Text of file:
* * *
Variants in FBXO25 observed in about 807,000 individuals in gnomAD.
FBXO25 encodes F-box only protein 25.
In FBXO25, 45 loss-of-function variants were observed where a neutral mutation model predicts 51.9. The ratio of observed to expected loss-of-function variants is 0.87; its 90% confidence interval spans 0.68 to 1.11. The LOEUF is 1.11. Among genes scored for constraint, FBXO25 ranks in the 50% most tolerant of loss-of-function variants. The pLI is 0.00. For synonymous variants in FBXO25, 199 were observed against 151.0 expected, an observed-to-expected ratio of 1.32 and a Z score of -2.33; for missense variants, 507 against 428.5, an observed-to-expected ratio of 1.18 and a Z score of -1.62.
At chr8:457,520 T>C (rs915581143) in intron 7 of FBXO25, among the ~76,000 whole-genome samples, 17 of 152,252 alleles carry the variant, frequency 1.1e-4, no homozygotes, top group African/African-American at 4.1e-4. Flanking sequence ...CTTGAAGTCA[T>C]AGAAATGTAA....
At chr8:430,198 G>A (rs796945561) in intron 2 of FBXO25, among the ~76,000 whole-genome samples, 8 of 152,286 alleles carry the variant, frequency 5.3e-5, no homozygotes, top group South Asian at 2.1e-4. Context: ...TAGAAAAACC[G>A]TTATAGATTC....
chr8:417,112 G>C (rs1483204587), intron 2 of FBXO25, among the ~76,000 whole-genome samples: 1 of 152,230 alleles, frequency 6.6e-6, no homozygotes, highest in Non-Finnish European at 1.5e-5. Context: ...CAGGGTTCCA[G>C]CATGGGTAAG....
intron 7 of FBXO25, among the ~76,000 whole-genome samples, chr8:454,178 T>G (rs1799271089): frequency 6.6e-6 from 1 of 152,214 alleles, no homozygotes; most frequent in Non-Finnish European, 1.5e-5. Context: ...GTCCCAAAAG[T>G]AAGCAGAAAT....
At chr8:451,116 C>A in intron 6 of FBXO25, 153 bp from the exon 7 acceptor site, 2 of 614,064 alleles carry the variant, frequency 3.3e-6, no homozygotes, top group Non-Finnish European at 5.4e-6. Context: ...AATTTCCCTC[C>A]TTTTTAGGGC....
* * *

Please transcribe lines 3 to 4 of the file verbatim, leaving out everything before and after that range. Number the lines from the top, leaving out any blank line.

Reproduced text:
In FBXO25, 45 loss-of-function variants were observed where a neutral mutation model predicts 51.9. The ratio of observed to expected loss-of-function variants is 0.87; its 90% confidence interval spans 0.68 to 1.11. The LOEUF is 1.11. Among genes scored for constraint, FBXO25 ranks in the 50% most tolerant of loss-of-function variants. The pLI is 0.00. For synonymous variants in FBXO25, 199 were observed against 151.0 expected, an observed-to-expected ratio of 1.32 and a Z score of -2.33; for missense variants, 507 against 428.5, an observed-to-expected ratio of 1.18 and a Z score of -1.62.
At chr8:457,520 T>C (rs915581143) in intron 7 of FBXO25, among the ~76,000 whole-genome samples, 17 of 152,252 alleles carry the variant, frequency 1.1e-4, no homozygotes, top group African/African-American at 4.1e-4. Flanking sequence ...CTTGAAGTCA[T>C]AGAAATGTAA....